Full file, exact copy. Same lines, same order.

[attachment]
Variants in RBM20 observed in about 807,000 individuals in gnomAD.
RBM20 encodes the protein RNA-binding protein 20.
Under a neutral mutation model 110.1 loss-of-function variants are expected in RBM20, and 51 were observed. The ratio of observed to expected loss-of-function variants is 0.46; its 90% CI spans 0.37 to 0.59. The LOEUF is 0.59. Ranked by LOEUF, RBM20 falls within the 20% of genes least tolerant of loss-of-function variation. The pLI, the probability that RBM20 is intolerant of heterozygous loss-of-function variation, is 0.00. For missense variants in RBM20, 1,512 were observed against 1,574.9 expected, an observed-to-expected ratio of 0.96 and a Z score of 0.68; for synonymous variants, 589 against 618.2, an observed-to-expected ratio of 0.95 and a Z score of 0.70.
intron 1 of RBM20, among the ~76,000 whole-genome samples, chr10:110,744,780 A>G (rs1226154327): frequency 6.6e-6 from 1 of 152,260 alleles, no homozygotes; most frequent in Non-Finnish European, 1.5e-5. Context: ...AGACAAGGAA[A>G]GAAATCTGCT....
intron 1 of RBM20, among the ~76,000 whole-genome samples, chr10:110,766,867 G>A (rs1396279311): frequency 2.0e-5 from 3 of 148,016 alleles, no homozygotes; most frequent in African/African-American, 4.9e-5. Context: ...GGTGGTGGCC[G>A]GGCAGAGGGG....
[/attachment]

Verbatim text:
Variants in RBM20 observed in about 807,000 individuals in gnomAD.
RBM20 encodes the protein RNA-binding protein 20.
Under a neutral mutation model 110.1 loss-of-function variants are expected in RBM20, and 51 were observed. The ratio of observed to expected loss-of-function variants is 0.46; its 90% CI spans 0.37 to 0.59. The LOEUF is 0.59. Ranked by LOEUF, RBM20 falls within the 20% of genes least tolerant of loss-of-function variation. The pLI, the probability that RBM20 is intolerant of heterozygous loss-of-function variation, is 0.00. For missense variants in RBM20, 1,512 were observed against 1,574.9 expected, an observed-to-expected ratio of 0.96 and a Z score of 0.68; for synonymous variants, 589 against 618.2, an observed-to-expected ratio of 0.95 and a Z score of 0.70.
intron 1 of RBM20, among the ~76,000 whole-genome samples, chr10:110,744,780 A>G (rs1226154327): frequency 6.6e-6 from 1 of 152,260 alleles, no homozygotes; most frequent in Non-Finnish European, 1.5e-5. Context: ...AGACAAGGAA[A>G]GAAATCTGCT....
intron 1 of RBM20, among the ~76,000 whole-genome samples, chr10:110,766,867 G>A (rs1396279311): frequency 2.0e-5 from 3 of 148,016 alleles, no homozygotes; most frequent in African/African-American, 4.9e-5. Context: ...GGTGGTGGCC[G>A]GGCAGAGGGG....